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Visitation during Quarantine and School Closures

On Behalf of | Jan 28, 2022 | Firm News

Quarantine and Scheduled Visits

If your child has recently tested positive for COVID-19, or if your child has been exposed to COVID-19 and has to Quarantine before a scheduled visit, you may be wondering “Do I have to let my child, go with the other parent during Quarantine?”.

The Texas Supreme Court has addressed this question in several emergency orders during the pandemic. The Texas Supreme Court says without an agreement between the parents, the current court order should be followed. The court order should be followed regardless of any order restricting movement created by the pandemic such as shelter in place orders.1

For example, if your child is starting a five-day quarantine while they are in your care and the other parent’s court-ordered possession and access time begins on the third day of quarantine, you must allow your child to finish their quarantine with the other parent.

School Closure

You could find yourself in the situation where your child’s school is facing temporary closure due to the rise in COVID-19 cases. You may be asking, “how will visitation work with school being closed?” The Texas Supreme Court has also addressed the issue of school closing in their emergency orders. The Court’s decision is for parents to continue your visitation schedule as if school is still in session.2


Required quarantine or school closures do not take priority over your court ordered visitation schedule. Withholding your child in violation of your existing court order could potentially allow the other parent to file a Motion for Enforcement against you. A Motion for Enforcement would require you to attend court to justify keeping your child against court orders, and could subject you to paying attorney’s fees and court costs.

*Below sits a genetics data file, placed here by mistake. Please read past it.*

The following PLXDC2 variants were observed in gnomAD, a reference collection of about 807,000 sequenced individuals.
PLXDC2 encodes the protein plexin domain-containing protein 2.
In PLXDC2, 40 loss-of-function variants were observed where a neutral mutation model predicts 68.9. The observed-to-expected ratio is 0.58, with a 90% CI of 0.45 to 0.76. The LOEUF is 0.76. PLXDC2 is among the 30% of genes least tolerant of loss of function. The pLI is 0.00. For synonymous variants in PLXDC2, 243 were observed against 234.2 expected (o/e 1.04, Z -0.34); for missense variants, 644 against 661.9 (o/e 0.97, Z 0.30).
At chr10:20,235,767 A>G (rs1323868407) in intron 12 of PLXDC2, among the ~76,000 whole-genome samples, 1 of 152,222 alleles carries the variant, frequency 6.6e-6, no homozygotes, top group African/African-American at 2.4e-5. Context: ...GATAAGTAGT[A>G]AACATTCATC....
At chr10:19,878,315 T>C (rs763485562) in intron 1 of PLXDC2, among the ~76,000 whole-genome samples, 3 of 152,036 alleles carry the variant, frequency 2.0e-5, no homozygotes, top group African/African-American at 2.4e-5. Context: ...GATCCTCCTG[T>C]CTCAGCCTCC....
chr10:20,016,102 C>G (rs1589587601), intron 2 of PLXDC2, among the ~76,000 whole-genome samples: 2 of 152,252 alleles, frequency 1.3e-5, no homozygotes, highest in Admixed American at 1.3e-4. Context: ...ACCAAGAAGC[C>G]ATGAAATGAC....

Reaching an agreement with the other parent is the best option to avoid litigation. Nothing in the Texas Supreme Court Orders prevents parents from coming to an agreement to modify their existing court order. If you are unable to come to an agreement with your child’s other parent, you may want to ask yourself if modifying your existing court order is best for you.

Call our office today to discuss your options.

[1] In determining a person’s right to possession of and access to a child under a court ordered possession schedule in a Suit Affecting the Parent-Child Relationship, the existing trial court order shall control in all instances. Possession of and access to a child shall not be affected by any shelter-in-place order or other order restricting movement issued by a governmental entity that arises from the pandemic.

[2] The original published school schedule shall also control, and possession and access shall not be affected by the school’s closure that arises from the pandemic.